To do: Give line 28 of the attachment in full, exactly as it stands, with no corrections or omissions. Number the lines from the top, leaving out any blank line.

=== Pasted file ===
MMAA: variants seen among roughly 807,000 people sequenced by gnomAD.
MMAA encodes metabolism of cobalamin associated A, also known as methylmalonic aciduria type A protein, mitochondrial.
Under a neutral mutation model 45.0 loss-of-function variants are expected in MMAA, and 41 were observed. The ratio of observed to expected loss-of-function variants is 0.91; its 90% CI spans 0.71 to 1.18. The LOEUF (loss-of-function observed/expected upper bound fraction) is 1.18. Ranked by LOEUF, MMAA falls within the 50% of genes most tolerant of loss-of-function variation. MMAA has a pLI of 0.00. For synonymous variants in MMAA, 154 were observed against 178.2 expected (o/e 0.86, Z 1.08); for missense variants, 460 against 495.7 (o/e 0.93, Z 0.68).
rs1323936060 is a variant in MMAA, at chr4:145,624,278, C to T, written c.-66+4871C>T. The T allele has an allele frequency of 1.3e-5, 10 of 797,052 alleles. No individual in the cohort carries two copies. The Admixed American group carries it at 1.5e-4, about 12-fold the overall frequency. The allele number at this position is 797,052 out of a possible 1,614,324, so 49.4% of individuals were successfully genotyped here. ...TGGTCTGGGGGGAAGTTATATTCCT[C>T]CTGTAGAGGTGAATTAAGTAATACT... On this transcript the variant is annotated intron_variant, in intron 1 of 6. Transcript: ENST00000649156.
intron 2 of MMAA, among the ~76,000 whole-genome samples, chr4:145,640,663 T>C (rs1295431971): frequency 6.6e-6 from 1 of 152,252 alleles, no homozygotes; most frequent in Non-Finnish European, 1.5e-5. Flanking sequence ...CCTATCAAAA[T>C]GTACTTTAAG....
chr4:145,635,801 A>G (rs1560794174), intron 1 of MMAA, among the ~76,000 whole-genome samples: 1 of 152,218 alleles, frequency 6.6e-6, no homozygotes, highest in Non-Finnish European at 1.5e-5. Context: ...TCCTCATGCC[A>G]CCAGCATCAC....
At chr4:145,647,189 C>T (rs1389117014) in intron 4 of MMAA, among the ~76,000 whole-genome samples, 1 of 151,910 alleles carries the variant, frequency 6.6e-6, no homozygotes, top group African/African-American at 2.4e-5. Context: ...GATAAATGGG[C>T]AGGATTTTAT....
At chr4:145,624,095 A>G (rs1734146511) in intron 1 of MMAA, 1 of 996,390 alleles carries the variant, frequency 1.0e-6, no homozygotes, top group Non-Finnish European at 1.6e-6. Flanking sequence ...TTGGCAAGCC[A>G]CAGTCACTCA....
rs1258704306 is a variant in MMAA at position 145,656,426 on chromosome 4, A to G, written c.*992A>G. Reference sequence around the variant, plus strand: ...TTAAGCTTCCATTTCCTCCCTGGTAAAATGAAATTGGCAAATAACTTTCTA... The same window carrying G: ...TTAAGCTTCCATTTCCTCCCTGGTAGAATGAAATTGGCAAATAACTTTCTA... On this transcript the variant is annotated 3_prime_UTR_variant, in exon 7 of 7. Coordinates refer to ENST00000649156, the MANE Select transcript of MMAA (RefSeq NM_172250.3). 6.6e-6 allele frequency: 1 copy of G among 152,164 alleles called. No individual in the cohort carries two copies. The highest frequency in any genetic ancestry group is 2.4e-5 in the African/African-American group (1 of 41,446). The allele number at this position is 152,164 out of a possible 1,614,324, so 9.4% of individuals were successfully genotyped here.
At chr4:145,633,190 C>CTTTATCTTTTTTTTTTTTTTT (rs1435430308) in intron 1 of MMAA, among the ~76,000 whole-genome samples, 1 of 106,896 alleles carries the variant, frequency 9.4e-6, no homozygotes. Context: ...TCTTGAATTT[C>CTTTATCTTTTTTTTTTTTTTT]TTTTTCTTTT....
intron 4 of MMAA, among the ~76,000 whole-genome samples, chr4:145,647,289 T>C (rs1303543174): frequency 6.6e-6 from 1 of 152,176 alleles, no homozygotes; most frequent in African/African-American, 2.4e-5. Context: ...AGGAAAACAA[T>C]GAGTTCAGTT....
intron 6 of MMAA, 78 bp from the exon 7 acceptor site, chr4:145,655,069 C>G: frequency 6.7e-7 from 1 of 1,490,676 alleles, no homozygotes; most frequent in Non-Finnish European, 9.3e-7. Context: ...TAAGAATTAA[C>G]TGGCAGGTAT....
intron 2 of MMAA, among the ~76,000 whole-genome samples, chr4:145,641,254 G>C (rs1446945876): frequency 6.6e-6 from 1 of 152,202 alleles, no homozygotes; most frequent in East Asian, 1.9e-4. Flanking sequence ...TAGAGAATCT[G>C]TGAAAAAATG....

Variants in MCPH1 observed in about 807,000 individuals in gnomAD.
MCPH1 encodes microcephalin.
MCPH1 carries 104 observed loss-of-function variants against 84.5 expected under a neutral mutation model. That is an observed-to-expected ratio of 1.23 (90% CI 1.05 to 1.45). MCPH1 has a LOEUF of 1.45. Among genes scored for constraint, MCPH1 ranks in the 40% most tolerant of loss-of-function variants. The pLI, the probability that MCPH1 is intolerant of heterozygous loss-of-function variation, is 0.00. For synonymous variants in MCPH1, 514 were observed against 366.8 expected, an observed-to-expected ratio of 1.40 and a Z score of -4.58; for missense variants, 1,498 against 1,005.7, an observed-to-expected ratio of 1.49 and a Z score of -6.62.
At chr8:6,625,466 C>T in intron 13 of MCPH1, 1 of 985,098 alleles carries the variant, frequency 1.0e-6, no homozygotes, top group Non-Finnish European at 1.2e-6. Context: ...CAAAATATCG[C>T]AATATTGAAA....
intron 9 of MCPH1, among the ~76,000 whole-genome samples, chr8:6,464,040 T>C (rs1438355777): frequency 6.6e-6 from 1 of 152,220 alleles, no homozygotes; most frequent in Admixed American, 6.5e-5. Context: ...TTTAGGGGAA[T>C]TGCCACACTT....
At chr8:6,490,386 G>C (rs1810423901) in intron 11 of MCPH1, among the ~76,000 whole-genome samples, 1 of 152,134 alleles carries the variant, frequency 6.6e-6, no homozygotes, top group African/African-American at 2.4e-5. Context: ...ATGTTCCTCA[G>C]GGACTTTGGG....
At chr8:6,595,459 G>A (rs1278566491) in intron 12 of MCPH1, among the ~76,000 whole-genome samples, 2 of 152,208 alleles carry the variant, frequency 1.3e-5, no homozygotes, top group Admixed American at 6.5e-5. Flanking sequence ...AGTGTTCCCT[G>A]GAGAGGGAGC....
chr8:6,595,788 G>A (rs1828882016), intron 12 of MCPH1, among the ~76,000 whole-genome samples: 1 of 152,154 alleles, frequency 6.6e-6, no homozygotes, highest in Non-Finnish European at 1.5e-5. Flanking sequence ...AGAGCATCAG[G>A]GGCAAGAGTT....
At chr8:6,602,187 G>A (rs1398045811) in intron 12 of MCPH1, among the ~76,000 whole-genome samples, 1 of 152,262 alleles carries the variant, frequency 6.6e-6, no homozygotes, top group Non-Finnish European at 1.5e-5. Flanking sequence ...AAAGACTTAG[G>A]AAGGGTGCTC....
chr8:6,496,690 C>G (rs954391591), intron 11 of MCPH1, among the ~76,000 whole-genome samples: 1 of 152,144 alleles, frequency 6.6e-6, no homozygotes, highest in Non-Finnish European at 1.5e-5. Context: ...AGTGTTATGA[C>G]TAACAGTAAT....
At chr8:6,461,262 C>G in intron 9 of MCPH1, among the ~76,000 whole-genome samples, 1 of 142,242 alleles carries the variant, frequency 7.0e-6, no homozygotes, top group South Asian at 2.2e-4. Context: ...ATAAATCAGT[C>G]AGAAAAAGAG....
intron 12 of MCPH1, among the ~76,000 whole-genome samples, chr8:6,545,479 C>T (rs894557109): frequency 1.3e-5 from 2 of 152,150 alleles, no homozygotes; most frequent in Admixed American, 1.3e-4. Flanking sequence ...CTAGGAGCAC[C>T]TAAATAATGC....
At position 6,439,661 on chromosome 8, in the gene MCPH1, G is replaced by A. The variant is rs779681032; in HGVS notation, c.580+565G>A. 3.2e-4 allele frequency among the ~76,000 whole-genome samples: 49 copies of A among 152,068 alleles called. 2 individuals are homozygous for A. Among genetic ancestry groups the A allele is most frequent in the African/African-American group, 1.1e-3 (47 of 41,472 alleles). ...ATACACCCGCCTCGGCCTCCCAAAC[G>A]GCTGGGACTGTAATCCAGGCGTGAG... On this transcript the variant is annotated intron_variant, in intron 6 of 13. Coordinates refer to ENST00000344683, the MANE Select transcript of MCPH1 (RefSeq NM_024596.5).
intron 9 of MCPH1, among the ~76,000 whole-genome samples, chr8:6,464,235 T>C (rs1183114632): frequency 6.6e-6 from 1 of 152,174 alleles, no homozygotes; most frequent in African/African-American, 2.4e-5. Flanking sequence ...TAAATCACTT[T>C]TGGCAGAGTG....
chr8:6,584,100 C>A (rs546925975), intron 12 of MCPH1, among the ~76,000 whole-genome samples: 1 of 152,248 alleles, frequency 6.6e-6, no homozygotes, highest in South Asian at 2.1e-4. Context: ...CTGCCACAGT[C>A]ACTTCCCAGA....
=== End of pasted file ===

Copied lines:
chr8:6,584,100 C>A (rs546925975), intron 12 of MCPH1, among the ~76,000 whole-genome samples: 1 of 152,248 alleles, frequency 6.6e-6, no homozygotes, highest in South Asian at 2.1e-4. Context: ...CTGCCACAGT[C>A]ACTTCCCAGA....